Parents, let's talk about it! Videos to guide and inform parents about cyberbullying

  • Awareness
  • 29/03/2017
  • French Safer Internet Centre

Today, cyberviolence is one of the biggest risks confronting children online and their parents are often unprepared to protect them from its ever-changing forms. "Parents, let's talk about it!" is a web series with practical advice for parents.

Cyberbullying is affecting children at an ever-younger age. In response, Internet Sans Crainte has teamed up with Tralalere, the MAE Foundation (number one in school assurance), and the FCPE (Federation of counsels of students' parents), to produce five videos to help parents recognise, understand, prevent and combat situations of bullying on- and offline.

In France, observers report a decline of traditional forms of bullying in schools. However, there has been a steady increase in cyberviolence and cyberbullying. According to EU Kids Online, 12 per cent of Europeans between 11 and 16 have experienced cyberbullying, compared to 7 per cent in 2010. Furthermore, 20 per cent of girls say they have been insulted online about their physical appearance in 2016, according to a study released in Ile de France by the Hubertine Auclert Center.

Parents often feel unprepared in the face of their children's new forms of communication and social networking. Also, because instances of cyberviolence take place in the digital sphere they often escape adults. This video series, accessible on the YouTube channel "Parents, let's talk about it!", allows parents to start a conversation with their children as well as detect, understand and prevent bullying.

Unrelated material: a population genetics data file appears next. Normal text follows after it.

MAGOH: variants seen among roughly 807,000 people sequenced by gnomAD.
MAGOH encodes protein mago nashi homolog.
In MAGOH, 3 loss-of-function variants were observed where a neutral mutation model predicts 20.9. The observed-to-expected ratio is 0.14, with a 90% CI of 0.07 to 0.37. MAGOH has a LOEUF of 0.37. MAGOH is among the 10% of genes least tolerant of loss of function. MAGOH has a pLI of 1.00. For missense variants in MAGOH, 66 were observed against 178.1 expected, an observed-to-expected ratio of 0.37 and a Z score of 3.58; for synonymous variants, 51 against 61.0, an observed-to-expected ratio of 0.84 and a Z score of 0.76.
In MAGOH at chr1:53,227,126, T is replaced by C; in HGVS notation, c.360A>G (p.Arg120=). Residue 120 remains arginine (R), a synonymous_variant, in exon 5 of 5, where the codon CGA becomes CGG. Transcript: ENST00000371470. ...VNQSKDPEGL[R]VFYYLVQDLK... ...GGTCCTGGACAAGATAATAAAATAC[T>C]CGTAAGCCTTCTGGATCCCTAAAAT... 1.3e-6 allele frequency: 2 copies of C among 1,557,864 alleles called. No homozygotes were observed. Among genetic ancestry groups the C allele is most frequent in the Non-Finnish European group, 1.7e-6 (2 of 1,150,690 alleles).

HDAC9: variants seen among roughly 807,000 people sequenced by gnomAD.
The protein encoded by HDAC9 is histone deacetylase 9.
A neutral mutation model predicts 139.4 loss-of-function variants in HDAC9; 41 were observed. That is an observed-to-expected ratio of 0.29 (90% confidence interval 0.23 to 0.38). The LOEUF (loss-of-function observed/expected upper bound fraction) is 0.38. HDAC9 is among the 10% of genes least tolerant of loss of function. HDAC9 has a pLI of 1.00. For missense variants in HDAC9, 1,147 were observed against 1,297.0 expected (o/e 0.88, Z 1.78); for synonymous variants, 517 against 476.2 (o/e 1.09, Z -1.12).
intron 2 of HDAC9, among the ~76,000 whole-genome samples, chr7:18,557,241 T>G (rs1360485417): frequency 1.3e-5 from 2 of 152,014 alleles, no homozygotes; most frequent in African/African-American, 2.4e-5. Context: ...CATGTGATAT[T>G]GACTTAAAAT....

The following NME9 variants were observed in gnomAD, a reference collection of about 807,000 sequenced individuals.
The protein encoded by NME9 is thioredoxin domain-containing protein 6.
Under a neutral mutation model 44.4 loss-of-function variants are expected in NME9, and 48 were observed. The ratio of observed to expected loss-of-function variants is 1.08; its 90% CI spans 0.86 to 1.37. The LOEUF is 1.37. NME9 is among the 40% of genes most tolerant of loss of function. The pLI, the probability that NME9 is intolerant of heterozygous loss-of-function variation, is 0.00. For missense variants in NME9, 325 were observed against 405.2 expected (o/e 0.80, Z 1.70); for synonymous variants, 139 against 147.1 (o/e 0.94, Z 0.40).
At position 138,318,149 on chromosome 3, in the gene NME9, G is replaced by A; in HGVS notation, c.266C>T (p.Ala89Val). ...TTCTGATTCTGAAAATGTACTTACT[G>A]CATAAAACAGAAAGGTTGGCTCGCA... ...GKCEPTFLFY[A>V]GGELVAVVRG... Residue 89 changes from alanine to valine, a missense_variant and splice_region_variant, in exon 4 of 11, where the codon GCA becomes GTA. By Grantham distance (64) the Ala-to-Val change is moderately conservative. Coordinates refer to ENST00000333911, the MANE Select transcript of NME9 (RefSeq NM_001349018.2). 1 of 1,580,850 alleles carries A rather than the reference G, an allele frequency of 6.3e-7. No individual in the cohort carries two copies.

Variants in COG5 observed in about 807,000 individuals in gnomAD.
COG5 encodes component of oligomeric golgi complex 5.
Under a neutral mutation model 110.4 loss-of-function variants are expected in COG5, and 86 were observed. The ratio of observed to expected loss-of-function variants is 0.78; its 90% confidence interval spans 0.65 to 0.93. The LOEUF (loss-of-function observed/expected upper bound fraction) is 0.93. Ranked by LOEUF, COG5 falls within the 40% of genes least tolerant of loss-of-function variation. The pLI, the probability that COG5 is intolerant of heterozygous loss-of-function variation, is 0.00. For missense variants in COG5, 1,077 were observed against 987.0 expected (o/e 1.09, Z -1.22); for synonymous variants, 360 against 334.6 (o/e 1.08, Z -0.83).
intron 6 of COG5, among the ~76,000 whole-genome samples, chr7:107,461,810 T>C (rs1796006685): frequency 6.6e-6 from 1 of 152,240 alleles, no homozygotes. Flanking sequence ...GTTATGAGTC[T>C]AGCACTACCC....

The web series comprises five videos. The first four respond to parents' questions on four issues: how to raise awareness, how to detect bullying, how to start a conversation about it, and how to put an end to an instance of bullying. The fifth video addresses cyberbullying more specifically. The decision to use real questions from parents and not converting the entire conversation into one of morality has already proven its practicality in delivering advice to parents.
This project, highlighted on the bullying webpage of Internet Sans Crainte and supplemented by a series of articles on social networks, is accessible for free and has amassed more than 12,000 views since its release in January 2017.

To access the resource, visit the Better Internet for Kids (BIK) gallery of resources.

Find out more about the work of the French Safer Internet Centre, including its awareness raising, helpline, hotline and youth participation services.

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